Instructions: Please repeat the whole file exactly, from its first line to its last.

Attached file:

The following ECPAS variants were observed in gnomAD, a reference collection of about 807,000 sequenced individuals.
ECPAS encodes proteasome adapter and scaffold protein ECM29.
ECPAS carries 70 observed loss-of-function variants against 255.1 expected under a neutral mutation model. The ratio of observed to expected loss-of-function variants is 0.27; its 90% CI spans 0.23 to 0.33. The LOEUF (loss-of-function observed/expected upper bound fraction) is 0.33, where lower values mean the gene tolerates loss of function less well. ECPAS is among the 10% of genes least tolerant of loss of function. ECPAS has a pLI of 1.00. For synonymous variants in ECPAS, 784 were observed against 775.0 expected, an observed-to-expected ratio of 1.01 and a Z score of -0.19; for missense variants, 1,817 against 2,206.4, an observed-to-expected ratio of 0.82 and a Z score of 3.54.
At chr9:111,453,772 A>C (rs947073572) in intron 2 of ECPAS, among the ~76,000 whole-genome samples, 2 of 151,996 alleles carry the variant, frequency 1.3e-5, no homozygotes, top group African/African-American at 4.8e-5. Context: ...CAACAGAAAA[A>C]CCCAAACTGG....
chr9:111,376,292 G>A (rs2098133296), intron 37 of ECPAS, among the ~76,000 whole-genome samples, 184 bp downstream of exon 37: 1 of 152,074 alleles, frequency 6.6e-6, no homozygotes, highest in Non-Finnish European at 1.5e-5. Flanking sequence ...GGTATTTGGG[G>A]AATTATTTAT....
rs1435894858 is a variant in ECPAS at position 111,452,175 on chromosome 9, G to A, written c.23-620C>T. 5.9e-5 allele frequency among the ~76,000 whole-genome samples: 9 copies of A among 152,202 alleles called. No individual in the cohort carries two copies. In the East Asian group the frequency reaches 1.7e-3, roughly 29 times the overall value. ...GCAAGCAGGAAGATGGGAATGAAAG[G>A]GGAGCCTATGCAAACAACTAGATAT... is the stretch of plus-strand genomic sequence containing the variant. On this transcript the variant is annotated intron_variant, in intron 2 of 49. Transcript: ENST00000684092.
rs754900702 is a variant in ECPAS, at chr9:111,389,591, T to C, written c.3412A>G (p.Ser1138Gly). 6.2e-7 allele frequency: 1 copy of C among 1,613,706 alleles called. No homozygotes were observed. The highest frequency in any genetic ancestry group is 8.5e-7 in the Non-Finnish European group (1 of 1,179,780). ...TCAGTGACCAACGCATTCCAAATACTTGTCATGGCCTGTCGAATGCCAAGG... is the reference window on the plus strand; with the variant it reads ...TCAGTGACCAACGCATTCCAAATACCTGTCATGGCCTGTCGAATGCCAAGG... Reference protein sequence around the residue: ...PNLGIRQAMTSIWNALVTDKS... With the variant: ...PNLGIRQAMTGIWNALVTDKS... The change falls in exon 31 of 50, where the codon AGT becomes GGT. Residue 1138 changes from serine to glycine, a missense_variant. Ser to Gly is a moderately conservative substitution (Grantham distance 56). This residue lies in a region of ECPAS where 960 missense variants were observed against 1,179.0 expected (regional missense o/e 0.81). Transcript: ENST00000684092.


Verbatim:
The following ECPAS variants were observed in gnomAD, a reference collection of about 807,000 sequenced individuals.
ECPAS encodes proteasome adapter and scaffold protein ECM29.
ECPAS carries 70 observed loss-of-function variants against 255.1 expected under a neutral mutation model. The ratio of observed to expected loss-of-function variants is 0.27; its 90% CI spans 0.23 to 0.33. The LOEUF (loss-of-function observed/expected upper bound fraction) is 0.33, where lower values mean the gene tolerates loss of function less well. ECPAS is among the 10% of genes least tolerant of loss of function. ECPAS has a pLI of 1.00. For synonymous variants in ECPAS, 784 were observed against 775.0 expected, an observed-to-expected ratio of 1.01 and a Z score of -0.19; for missense variants, 1,817 against 2,206.4, an observed-to-expected ratio of 0.82 and a Z score of 3.54.
At chr9:111,453,772 A>C (rs947073572) in intron 2 of ECPAS, among the ~76,000 whole-genome samples, 2 of 151,996 alleles carry the variant, frequency 1.3e-5, no homozygotes, top group African/African-American at 4.8e-5. Context: ...CAACAGAAAA[A>C]CCCAAACTGG....
chr9:111,376,292 G>A (rs2098133296), intron 37 of ECPAS, among the ~76,000 whole-genome samples, 184 bp downstream of exon 37: 1 of 152,074 alleles, frequency 6.6e-6, no homozygotes, highest in Non-Finnish European at 1.5e-5. Flanking sequence ...GGTATTTGGG[G>A]AATTATTTAT....
rs1435894858 is a variant in ECPAS at position 111,452,175 on chromosome 9, G to A, written c.23-620C>T. 5.9e-5 allele frequency among the ~76,000 whole-genome samples: 9 copies of A among 152,202 alleles called. No individual in the cohort carries two copies. In the East Asian group the frequency reaches 1.7e-3, roughly 29 times the overall value. ...GCAAGCAGGAAGATGGGAATGAAAG[G>A]GGAGCCTATGCAAACAACTAGATAT... is the stretch of plus-strand genomic sequence containing the variant. On this transcript the variant is annotated intron_variant, in intron 2 of 49. Transcript: ENST00000684092.
rs754900702 is a variant in ECPAS, at chr9:111,389,591, T to C, written c.3412A>G (p.Ser1138Gly). 6.2e-7 allele frequency: 1 copy of C among 1,613,706 alleles called. No homozygotes were observed. The highest frequency in any genetic ancestry group is 8.5e-7 in the Non-Finnish European group (1 of 1,179,780). ...TCAGTGACCAACGCATTCCAAATACTTGTCATGGCCTGTCGAATGCCAAGG... is the reference window on the plus strand; with the variant it reads ...TCAGTGACCAACGCATTCCAAATACCTGTCATGGCCTGTCGAATGCCAAGG... Reference protein sequence around the residue: ...PNLGIRQAMTSIWNALVTDKS... With the variant: ...PNLGIRQAMTGIWNALVTDKS... The change falls in exon 31 of 50, where the codon AGT becomes GGT. Residue 1138 changes from serine to glycine, a missense_variant. Ser to Gly is a moderately conservative substitution (Grantham distance 56). This residue lies in a region of ECPAS where 960 missense variants were observed against 1,179.0 expected (regional missense o/e 0.81). Transcript: ENST00000684092.